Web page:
I believe that personal acceptance can be the hardest for the transsexual at times. I had some problems at times with this. I've gone through many years of indecision to get where I am today. But it didn’t come easy. The years of denial, the years of fear and the years of wanting to believe that I was something I was not can take a toll on a person. It was not until I gained some education on the subject that I began to see I was not the only one out there that felt this way. Seeing others struggling through life as I had let me know I was not crazy. It took me several years before I truly accepted who I was and what I needed to do to be happy.

Family acceptance is another we hope to have in our life's. I spent most of my life afraid to tell my parents about me being a transsexual. When I finally did tell them I was 30 year old, and getting overwhelmed with my life. My mother seemed to be very supportive, and my dad didn't seem to care to much either way. It was really surprising that I also got the support of my brothers also, one of whom now calls me his sister. I have not seen them much in last 10 years but we have been in contact over the phone and have had many long talks. I also have been given some support with my two kids. They are great kids and I love them very much. I was not able to tell my kids about me being transgendered at first. Within the last 8 year I have talked to my kids about me being transsexual and they seemed to be opened minded about it. It has also been a surprised to see my wife starting to support my needs. She is starting to open up to the idea that a transsexual can honor their needs without losing the sentimental moments.
The acceptance of family can be a life line to your soul. Many of my brothers and sisters have lost family in the process of coming out. It can be devastating to someone, especially if they have always been close to their loved ones. So many of those who lose their families are due to the pressures of society, even their religion. I find it sad that many of those people can’t or refuse to see the happiness and pure joy in their loved ones eyes as they go through this journey of enlightenment. An enlightenment that brings out a better person. In many cases a person who is able to truly love another without fear. A person who has opened there heart to others and willing to show the authentic person.

So what do we do? Hide from the society and never become our true self’s and achieve our god given happiness in life. Or do we strive to prove society wrong and show them that we were meant to be who we are and live a life that was meant for us. The answer lies within all of us for each one of us is different and can take so much from society. There are those that won’t survive either because of the hate will finally cause so much strife in the their life that they feel they need to end it all, and others will be able to persevere through all the hate and succeed in life and live their lives complete and happy. I have been on both sides of the fence. I’ve let the fear keep me down and hidden, but that didn’t get me anywhere that made me happy. So those terrible thoughts would rise in all its fiery glory. I have also been lucky to make it over that hump and now look for that happiness that so many of us look for. We all have so much to live for and I’ve slowly come to see that. So I’m making strides to change my life for a better place in life. I also truly believe that it will also make me a better person as a whole so I may be a better parent and spouse.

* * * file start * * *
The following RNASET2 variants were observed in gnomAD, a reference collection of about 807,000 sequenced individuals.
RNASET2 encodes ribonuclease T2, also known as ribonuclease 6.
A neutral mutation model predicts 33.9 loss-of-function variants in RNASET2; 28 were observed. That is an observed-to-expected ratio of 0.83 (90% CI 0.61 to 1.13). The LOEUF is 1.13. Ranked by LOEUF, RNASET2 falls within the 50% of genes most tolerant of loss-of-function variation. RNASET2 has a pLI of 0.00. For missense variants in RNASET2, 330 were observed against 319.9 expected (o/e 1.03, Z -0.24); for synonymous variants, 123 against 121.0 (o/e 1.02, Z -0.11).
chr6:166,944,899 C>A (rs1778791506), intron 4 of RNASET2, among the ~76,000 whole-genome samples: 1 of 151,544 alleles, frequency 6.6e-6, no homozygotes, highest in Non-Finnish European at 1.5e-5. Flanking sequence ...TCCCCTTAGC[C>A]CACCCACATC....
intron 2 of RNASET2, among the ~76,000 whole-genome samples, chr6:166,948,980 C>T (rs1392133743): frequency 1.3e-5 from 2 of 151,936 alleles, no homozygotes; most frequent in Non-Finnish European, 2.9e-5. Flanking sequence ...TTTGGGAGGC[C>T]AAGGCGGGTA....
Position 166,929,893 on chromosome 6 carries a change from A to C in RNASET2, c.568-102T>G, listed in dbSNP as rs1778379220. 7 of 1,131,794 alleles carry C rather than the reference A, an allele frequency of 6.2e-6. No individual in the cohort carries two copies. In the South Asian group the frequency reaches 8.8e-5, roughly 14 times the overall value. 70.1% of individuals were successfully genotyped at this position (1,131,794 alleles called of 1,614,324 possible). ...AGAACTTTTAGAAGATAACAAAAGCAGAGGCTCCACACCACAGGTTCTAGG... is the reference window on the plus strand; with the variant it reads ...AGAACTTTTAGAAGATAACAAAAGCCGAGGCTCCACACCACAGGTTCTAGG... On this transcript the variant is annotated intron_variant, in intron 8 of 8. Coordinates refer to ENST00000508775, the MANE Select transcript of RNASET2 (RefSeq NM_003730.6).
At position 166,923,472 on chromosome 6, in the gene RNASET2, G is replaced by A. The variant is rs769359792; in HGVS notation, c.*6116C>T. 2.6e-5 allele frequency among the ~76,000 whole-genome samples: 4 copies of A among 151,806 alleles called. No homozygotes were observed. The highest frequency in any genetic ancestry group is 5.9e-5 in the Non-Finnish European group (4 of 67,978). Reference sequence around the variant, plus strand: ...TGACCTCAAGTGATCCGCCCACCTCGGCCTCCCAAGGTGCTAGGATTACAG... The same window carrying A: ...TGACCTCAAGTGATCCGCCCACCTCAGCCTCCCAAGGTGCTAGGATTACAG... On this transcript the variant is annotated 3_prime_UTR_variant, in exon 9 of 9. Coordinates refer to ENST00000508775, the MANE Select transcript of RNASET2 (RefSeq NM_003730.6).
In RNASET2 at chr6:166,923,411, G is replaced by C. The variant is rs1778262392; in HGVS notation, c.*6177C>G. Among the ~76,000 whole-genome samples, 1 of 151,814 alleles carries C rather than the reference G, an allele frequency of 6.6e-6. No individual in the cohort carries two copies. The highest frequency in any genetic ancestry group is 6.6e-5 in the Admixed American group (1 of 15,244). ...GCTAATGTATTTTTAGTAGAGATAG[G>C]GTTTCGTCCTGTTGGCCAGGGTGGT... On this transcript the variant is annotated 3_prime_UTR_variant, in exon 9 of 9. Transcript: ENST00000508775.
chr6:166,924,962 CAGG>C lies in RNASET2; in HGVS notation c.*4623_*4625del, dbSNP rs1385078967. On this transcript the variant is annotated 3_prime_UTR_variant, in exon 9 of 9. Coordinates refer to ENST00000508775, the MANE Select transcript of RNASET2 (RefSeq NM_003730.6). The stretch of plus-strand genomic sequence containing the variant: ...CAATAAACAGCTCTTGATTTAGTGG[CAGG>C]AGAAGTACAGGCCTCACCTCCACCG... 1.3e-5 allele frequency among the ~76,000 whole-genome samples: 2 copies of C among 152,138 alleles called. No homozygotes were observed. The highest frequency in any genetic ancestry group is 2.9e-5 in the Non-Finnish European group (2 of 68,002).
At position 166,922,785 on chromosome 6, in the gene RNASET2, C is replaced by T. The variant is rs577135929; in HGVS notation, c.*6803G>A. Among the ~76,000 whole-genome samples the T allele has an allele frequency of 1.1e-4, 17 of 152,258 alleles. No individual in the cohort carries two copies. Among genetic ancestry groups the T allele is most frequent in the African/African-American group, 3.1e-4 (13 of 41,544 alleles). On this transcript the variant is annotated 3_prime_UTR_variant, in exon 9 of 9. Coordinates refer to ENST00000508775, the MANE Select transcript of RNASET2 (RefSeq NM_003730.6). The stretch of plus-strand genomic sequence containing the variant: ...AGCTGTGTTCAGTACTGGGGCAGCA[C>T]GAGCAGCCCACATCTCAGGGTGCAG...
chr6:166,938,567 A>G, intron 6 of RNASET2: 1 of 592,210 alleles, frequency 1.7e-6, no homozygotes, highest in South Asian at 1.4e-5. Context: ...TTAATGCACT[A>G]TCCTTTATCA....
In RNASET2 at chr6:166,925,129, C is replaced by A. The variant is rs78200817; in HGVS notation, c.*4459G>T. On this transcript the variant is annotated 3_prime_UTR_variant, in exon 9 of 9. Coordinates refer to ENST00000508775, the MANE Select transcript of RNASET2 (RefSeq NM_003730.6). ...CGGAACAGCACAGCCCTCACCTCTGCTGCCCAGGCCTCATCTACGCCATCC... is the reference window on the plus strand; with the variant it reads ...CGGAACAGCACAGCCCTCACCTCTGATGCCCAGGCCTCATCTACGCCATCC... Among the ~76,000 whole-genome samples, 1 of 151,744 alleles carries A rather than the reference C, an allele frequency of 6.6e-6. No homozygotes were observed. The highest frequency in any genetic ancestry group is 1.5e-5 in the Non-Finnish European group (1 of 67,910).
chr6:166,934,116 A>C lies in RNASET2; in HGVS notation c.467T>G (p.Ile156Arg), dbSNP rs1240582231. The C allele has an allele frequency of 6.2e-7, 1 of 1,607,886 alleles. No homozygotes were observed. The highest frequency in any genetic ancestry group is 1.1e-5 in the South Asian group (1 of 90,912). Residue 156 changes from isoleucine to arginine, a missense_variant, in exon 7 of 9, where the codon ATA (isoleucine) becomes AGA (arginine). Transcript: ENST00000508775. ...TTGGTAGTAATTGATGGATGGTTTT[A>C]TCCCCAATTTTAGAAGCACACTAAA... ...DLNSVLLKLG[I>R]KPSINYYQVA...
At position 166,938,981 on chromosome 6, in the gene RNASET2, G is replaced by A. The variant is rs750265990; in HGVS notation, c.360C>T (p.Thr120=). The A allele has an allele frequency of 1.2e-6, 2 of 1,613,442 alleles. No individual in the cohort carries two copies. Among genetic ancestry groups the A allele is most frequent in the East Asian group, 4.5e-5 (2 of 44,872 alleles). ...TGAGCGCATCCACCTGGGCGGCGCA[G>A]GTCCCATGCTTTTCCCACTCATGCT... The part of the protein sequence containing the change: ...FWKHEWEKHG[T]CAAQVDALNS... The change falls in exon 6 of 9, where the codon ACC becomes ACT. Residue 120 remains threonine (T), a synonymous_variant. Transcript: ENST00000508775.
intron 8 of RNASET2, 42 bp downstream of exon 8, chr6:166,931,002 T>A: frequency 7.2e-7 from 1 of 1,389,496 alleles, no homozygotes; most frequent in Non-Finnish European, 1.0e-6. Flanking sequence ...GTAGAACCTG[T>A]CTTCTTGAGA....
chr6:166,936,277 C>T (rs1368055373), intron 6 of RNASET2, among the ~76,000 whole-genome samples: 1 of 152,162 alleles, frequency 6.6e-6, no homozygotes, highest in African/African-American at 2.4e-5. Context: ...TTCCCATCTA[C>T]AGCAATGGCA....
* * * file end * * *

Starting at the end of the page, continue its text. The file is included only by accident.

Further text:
In closing I’d like to share an excerpt of a poem I wrote about a year ago:

Why am I angry
I look into people eyes
I get back intolerance
If looks could kill
It would be a death sentence

Why am I angry
If people would just try and understand
And take my place in this great land
They would finally see
I'm no different than them

I have a kind heart
That gets all torn apart
When they try and condemn
For if they could let go
Even they could live free

Maybe one day
I'll find acceptance
For my life as it is
Seeking life's essence
And finally find my way
To the place that's peaceful
With pleasant morning rays


Quinnae Moongazer said...

These last few days I've been doing a lot of macro-political writing about trans issues, often alluding to how my real life experience has often informed those views as I've reached out to my blossoming womanhood.

But I'd been immersing myself so much in the political and philosophical matters that when I read this post it was a real shock. It's so heartfelt and so real, and I can empathise so much with where you've been, sister. Thank you for sharing this story, Michelle.

There is sadness and joy contained in your writing and it was deeply personal in a way I sometimes feel I'm unable to reach, myself. Thanks for this. There is a lot in here that reflects my own experience and I hope it can be educational to others.

Anonymous said...

I really enjoyed the blog and the poem. Thanks for sharing.